Merseyside-based Regal Wholesale has just gone through a major rebrand and secured a partnership with top supplier Reckitt.

Managing director Chris Hughes spoke to The Grocer about Regal’s plans for becoming an efficient route to market for suppliers, while staying true to its values as a family business.

How has the business changed since you took the reins as managing director?

“We were on a journey from a fledgling wholesaler into a very broad household and paper wholesaler, on a quest to stock thousands of lines.

From an MD position, I realised it was a bit of a foolish avenue to pursue. There were bigger, better, more established wholesalers in the market, and chasing their tail was an impossible task.

So, we sort of turned around and decided to move back to Regal’s heritage: we were stocking over 2,000 lines and overnight we decided to drop about 1,000 of them.

Now, you can imagine the fear in my team’s eyes when I announced that that would be happening.

It was a better strategy long-term, rather than trying to be a jack of all trades and a master of none. And that was the start of where the business is today.”

Where is Regal today?

“We have gradually been building a reputation in the market, not blazing any trails, but bit by bit establishing ourselves as the number one business for paper hygiene.

We took that ‘quality over quantity’ attitude when I became MD, but obviously it had to go hand in hand with growth projection.

We were always a distribution business, supplying with wholesalers, but we’ve never said so.

So now that the demand is getting greater in the market for the manufacturers to find routes to market that are more efficient, we are able to fulfil that role.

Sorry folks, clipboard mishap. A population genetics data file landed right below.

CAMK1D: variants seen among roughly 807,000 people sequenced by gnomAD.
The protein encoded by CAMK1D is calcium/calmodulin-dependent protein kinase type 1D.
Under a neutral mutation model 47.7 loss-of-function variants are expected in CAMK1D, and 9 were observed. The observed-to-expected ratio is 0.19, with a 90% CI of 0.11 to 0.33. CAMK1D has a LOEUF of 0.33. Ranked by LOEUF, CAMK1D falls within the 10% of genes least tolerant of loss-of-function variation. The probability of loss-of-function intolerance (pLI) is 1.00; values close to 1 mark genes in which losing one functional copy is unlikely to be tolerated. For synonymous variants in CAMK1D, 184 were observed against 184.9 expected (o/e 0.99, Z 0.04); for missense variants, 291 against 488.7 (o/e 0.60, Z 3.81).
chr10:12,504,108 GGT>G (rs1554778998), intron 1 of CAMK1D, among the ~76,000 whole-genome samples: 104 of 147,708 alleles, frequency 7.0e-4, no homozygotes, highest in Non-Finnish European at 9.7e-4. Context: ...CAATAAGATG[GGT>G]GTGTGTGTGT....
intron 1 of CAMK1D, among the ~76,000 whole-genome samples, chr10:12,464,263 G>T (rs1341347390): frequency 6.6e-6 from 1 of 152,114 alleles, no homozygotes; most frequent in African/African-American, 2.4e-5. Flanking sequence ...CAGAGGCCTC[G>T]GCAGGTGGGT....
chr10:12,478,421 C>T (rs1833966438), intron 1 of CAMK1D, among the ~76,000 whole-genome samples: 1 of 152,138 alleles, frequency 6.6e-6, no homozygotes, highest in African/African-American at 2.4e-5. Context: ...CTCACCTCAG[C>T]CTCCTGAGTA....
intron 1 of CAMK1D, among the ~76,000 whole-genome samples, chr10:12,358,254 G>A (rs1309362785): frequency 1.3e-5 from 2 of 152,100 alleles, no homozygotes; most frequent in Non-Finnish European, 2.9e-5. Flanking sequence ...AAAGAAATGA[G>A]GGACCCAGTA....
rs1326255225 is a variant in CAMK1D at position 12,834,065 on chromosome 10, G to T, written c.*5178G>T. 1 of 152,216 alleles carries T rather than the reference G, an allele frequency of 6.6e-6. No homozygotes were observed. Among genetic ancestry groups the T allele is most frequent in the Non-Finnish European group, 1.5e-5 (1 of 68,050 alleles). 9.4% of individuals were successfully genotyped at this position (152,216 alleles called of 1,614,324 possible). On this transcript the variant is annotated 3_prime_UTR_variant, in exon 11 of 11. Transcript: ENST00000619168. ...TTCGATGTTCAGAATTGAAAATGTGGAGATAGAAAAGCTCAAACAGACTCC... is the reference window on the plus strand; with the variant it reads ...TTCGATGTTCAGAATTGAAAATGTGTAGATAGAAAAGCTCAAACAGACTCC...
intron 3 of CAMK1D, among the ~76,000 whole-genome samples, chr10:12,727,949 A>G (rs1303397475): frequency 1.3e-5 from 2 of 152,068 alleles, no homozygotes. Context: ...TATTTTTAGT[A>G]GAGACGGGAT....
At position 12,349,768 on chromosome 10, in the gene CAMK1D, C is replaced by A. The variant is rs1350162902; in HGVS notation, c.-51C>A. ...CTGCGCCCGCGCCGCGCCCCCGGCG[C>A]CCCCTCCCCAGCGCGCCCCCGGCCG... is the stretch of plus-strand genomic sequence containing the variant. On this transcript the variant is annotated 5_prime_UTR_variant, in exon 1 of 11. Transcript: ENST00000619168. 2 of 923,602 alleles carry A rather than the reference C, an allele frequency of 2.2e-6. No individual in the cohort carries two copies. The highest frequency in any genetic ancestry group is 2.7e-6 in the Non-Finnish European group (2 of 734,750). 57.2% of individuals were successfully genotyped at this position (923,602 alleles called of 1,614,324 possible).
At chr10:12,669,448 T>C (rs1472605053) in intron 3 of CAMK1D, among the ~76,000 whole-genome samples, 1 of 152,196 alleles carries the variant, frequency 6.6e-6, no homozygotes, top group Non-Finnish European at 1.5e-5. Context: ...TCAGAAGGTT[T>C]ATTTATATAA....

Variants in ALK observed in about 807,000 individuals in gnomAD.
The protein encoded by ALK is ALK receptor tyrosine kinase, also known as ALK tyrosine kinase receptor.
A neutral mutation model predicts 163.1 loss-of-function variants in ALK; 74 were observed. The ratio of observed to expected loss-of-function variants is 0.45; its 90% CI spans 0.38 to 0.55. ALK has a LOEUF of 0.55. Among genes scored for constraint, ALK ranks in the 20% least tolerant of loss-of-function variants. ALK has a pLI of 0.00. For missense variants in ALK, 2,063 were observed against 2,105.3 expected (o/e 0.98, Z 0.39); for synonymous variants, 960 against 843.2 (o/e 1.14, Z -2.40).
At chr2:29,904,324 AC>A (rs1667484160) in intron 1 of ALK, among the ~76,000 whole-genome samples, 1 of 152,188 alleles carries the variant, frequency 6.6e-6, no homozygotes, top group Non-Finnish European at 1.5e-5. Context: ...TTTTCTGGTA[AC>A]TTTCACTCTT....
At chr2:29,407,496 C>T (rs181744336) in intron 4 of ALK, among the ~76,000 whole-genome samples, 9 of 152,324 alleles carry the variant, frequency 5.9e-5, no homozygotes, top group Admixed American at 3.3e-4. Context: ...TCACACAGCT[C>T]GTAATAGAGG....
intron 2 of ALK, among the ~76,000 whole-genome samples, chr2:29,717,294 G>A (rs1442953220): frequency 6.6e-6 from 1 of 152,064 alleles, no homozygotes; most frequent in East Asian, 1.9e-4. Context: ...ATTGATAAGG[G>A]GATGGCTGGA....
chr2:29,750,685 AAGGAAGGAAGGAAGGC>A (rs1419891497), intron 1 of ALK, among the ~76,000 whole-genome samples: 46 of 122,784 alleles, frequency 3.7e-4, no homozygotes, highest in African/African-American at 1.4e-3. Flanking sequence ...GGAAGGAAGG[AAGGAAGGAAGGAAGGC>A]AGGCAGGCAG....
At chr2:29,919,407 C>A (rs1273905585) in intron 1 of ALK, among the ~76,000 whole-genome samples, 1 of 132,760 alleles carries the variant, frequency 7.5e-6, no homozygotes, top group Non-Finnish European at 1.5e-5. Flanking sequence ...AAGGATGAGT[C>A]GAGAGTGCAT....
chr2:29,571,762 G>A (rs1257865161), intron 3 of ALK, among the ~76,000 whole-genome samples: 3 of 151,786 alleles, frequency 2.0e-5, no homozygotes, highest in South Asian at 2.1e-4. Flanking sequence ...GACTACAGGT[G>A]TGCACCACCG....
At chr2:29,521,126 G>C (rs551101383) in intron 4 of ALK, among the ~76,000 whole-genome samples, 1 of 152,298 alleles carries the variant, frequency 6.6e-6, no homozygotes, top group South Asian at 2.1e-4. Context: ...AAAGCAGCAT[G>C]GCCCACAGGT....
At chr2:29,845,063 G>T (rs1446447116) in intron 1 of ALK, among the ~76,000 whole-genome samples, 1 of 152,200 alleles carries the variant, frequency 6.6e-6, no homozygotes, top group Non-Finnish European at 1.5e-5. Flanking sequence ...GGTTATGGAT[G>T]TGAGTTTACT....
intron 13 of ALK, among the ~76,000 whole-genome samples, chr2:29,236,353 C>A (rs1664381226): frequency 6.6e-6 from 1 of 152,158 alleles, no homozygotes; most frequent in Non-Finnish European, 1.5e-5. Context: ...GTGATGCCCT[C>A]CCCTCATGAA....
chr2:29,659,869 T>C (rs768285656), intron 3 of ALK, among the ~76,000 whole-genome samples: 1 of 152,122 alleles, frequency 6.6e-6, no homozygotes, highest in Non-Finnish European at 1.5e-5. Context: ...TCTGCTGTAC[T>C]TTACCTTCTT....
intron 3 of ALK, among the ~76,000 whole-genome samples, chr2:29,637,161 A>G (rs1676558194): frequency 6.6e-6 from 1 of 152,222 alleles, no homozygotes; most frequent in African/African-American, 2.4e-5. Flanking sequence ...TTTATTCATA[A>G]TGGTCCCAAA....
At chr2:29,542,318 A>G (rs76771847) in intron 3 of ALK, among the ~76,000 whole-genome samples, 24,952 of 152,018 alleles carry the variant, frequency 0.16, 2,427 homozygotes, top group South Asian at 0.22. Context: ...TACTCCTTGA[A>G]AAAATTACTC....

Whereas in the past, maybe five, 10 years ago, we were still a little bit too small, now is a good time for us. We’ve been building our way to this position for over 20 years.”

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Regal’s showroom, including major brands Andrex, Bold, Foxy and more

Why is the rebrand important now?

“It’s part of establishing the reputation. Because we are a family business, we didn’t invest a lot of our resources into marketing ourselves historically.

It makes sense that now, as we grow up, we also need to glow up.

I found myself at multiple events and conferences, telling the same story of who we are over and over. It’s a long story, and it’s marvellous, but it can be repetitive.

With this move we said: it’s time the business sold itself. Have the brand tell the story.

It felt like a necessary story to tell, because we operate in a market where there are lots of big businesses and not many with a wholesome family story.”

What sets Regal aside as an SME and family business?

“These days, a lot of the businesses are becoming so corporate they’re a little bit out of reach and out of touch. And it feels very clinical.

We’re kind of trying to provide an antidote to that, because it seems like all customers out there are still after that personal care.